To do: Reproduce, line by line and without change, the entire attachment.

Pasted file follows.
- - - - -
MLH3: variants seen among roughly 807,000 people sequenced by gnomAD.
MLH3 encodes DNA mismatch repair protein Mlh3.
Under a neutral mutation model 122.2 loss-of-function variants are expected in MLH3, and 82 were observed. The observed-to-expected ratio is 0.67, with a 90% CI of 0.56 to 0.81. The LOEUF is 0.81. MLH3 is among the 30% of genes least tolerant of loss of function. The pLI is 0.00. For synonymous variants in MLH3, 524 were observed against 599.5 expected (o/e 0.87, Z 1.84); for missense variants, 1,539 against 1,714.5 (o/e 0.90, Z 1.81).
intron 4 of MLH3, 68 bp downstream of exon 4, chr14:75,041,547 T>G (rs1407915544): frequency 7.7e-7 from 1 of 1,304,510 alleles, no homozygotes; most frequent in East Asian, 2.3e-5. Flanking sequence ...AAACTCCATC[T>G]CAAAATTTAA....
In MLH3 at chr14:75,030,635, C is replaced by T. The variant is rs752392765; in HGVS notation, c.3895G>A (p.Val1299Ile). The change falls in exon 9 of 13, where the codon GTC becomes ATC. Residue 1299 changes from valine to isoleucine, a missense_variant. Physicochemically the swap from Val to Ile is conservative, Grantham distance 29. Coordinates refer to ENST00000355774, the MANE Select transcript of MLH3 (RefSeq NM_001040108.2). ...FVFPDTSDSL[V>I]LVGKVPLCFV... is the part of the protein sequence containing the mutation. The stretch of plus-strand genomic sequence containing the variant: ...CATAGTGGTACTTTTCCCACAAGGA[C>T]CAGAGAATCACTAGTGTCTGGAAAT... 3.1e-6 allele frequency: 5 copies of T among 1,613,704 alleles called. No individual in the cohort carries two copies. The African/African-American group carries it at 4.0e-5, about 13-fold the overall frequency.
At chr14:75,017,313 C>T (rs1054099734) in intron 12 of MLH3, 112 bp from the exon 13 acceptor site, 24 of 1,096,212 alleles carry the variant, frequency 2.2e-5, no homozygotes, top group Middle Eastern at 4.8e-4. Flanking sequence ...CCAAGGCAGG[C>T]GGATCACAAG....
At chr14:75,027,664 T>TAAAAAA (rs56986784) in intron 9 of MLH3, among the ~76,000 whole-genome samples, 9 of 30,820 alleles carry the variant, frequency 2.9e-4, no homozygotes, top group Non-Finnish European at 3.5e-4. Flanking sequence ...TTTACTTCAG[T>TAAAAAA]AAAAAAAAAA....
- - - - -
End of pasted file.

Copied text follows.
MLH3: variants seen among roughly 807,000 people sequenced by gnomAD.
MLH3 encodes DNA mismatch repair protein Mlh3.
Under a neutral mutation model 122.2 loss-of-function variants are expected in MLH3, and 82 were observed. The observed-to-expected ratio is 0.67, with a 90% CI of 0.56 to 0.81. The LOEUF is 0.81. MLH3 is among the 30% of genes least tolerant of loss of function. The pLI is 0.00. For synonymous variants in MLH3, 524 were observed against 599.5 expected (o/e 0.87, Z 1.84); for missense variants, 1,539 against 1,714.5 (o/e 0.90, Z 1.81).
intron 4 of MLH3, 68 bp downstream of exon 4, chr14:75,041,547 T>G (rs1407915544): frequency 7.7e-7 from 1 of 1,304,510 alleles, no homozygotes; most frequent in East Asian, 2.3e-5. Flanking sequence ...AAACTCCATC[T>G]CAAAATTTAA....
In MLH3 at chr14:75,030,635, C is replaced by T. The variant is rs752392765; in HGVS notation, c.3895G>A (p.Val1299Ile). The change falls in exon 9 of 13, where the codon GTC becomes ATC. Residue 1299 changes from valine to isoleucine, a missense_variant. Physicochemically the swap from Val to Ile is conservative, Grantham distance 29. Coordinates refer to ENST00000355774, the MANE Select transcript of MLH3 (RefSeq NM_001040108.2). ...FVFPDTSDSL[V>I]LVGKVPLCFV... is the part of the protein sequence containing the mutation. The stretch of plus-strand genomic sequence containing the variant: ...CATAGTGGTACTTTTCCCACAAGGA[C>T]CAGAGAATCACTAGTGTCTGGAAAT... 3.1e-6 allele frequency: 5 copies of T among 1,613,704 alleles called. No individual in the cohort carries two copies. The African/African-American group carries it at 4.0e-5, about 13-fold the overall frequency.
At chr14:75,017,313 C>T (rs1054099734) in intron 12 of MLH3, 112 bp from the exon 13 acceptor site, 24 of 1,096,212 alleles carry the variant, frequency 2.2e-5, no homozygotes, top group Middle Eastern at 4.8e-4. Flanking sequence ...CCAAGGCAGG[C>T]GGATCACAAG....
At chr14:75,027,664 T>TAAAAAA (rs56986784) in intron 9 of MLH3, among the ~76,000 whole-genome samples, 9 of 30,820 alleles carry the variant, frequency 2.9e-4, no homozygotes, top group Non-Finnish European at 3.5e-4. Flanking sequence ...TTTACTTCAG[T>TAAAAAA]AAAAAAAAAA....